- Workplace violence: Of all of the 148 fatal work injuries in Georgia in 2014, 32 of them were from violence. Construction workers are at risk of workplace assaults and homicides by their coworkers and other who come onto their work sites.
Georgia’s Workers’ Compensation Insurance System
For employees covered by workers’ compensation, they need to notify their employer of any work-related injury or illness right away in order to receive benefits. It is best to notify an employer as soon as possible, but workers have up to 30 days to tell their supervisor or boss.
Once the employer has been notified, which may come from actual knowledge of an accident, it will tell the insurer. You will need to submit a form to properly file a claim for benefits. While notification needs to take place within 30 days of the illness or injury, you have up to one year to claim benefits. However, most workers make a claim quickly in order to have their medical expenses covered and receive wages.
Your Legal Options
The premise of workers’ compensation insurance is that injured workers can have their medical costs paid for and receive some wages while they are off work or disabled, but in turn, they cannot sue to hold their employer responsible. Employers are immune from personal injury and tort suits. Instead, workers may only be able to file a lawsuit if the employer acted intentionally to cause injury or was egregiously negligent.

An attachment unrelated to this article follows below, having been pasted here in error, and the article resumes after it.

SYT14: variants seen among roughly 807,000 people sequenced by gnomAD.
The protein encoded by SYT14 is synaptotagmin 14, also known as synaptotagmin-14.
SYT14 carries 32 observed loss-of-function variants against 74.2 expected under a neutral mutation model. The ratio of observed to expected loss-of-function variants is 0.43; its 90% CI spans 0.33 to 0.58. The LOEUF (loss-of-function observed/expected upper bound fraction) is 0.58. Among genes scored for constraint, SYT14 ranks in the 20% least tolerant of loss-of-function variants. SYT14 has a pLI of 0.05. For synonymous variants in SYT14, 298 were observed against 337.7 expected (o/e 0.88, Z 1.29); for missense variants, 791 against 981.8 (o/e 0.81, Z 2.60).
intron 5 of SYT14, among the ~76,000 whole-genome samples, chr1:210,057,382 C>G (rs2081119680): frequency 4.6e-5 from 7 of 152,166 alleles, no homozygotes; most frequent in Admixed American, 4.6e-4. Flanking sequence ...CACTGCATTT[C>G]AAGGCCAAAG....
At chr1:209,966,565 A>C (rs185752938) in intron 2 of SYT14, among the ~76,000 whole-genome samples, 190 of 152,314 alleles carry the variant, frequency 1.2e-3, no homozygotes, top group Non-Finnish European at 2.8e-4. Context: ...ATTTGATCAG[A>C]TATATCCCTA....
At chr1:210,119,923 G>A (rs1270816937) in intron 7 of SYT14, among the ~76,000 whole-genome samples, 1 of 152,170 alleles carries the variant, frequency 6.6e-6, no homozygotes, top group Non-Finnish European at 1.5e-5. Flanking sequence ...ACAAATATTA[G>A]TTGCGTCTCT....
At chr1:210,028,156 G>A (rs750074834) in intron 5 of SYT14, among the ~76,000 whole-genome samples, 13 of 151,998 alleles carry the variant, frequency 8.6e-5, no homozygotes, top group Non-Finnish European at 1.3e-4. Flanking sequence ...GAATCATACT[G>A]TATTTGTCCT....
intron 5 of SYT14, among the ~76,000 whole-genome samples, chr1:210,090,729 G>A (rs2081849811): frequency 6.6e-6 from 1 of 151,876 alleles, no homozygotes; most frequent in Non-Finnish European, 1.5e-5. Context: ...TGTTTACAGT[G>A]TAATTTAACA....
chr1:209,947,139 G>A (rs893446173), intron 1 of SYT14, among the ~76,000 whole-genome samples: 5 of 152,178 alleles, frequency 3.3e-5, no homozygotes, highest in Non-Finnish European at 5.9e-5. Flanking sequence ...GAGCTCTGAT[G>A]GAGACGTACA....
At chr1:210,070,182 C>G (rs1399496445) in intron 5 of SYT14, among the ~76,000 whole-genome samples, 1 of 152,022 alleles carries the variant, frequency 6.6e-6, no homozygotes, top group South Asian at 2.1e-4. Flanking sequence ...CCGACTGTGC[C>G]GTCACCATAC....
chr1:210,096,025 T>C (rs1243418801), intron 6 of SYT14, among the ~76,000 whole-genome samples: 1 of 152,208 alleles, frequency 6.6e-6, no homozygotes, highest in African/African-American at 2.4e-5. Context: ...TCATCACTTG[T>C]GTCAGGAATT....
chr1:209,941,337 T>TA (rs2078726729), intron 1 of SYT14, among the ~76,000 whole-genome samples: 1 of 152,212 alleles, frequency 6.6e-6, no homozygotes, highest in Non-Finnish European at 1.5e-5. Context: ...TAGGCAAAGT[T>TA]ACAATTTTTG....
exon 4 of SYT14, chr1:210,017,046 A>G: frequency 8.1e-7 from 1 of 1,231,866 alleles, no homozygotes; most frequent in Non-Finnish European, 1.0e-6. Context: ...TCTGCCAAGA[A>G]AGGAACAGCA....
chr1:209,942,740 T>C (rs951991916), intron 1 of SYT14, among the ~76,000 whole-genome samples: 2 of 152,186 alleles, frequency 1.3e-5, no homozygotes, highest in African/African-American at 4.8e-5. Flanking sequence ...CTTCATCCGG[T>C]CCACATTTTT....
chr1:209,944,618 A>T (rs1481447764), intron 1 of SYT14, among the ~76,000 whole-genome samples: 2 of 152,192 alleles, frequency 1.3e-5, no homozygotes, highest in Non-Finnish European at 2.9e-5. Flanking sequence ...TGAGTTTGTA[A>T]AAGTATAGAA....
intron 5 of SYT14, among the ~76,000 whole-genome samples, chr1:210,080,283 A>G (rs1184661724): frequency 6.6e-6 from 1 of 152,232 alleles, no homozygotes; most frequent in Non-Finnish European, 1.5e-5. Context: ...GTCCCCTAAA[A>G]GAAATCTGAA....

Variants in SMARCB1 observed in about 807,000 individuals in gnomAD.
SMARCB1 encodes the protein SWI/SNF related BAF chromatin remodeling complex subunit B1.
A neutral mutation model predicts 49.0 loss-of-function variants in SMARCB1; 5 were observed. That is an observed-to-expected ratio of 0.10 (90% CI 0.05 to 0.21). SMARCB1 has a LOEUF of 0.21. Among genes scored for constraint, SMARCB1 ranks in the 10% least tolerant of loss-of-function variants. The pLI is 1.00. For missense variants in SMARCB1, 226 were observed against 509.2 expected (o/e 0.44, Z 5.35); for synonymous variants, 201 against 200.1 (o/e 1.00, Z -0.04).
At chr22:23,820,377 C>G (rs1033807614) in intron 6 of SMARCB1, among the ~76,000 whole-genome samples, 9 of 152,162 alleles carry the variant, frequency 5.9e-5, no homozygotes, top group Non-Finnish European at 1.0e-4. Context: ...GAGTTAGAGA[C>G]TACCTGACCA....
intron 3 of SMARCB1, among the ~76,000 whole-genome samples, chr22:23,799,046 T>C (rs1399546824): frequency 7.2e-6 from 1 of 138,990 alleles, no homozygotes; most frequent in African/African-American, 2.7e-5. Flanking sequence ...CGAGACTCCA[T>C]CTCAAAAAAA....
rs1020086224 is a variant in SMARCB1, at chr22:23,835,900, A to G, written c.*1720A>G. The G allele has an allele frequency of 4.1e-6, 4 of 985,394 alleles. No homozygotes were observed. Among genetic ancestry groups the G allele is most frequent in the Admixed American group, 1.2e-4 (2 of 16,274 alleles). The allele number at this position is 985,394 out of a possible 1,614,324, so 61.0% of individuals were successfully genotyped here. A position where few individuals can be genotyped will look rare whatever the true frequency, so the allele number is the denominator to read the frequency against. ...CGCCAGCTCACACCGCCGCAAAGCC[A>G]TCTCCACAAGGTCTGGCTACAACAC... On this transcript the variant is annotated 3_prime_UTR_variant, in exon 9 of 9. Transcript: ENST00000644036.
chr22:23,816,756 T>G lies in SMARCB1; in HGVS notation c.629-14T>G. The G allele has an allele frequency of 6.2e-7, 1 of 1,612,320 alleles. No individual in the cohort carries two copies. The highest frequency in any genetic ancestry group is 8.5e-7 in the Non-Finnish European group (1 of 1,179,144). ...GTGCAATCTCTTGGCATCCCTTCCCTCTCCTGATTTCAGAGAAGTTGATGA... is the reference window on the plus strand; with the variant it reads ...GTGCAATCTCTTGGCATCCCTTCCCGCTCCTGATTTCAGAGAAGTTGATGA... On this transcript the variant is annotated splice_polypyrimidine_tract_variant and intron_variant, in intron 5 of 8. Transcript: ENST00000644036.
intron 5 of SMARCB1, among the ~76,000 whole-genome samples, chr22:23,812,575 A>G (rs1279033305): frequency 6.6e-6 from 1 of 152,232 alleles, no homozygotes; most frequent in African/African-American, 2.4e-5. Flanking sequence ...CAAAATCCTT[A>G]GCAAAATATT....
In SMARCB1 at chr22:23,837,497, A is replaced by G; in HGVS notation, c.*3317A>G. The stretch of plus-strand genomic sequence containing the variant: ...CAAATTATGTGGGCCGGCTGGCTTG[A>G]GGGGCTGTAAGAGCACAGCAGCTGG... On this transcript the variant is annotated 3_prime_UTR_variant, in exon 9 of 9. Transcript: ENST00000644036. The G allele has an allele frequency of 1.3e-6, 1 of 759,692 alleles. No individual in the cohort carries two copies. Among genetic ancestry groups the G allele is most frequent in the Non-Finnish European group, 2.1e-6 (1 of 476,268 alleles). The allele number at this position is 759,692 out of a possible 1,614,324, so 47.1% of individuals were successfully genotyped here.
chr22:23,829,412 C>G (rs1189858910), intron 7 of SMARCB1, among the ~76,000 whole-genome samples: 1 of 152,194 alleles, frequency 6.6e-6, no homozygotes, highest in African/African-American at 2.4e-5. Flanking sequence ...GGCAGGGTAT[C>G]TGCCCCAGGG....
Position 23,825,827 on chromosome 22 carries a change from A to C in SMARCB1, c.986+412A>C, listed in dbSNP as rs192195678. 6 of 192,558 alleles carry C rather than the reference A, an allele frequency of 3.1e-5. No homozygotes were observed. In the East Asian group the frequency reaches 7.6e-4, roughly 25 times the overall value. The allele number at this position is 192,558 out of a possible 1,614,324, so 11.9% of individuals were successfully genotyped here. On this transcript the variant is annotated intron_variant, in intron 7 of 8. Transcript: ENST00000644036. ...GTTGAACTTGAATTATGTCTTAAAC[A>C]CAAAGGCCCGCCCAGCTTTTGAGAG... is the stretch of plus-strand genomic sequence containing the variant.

Call an Augusta Workers’ Compensation Attorney
If your workers’ compensation benefits were denied, you should contact the experienced Workers’ Compensation attorneys in Augusta at Ted A. Greve & Associates, P.A. immediately. Your best option may not be to try to head to court. Instead, you may just need a strong attorney to help you appeal your denial and fight for your right to workers’ compensation benefits.
Additionally, an attorney can advise you on whether you have a claim against a third party. While you cannot sue your employer, you may have a personal injury claim against a third party who came onto your work site and caused your injuries. Contact our law offices today to learn more.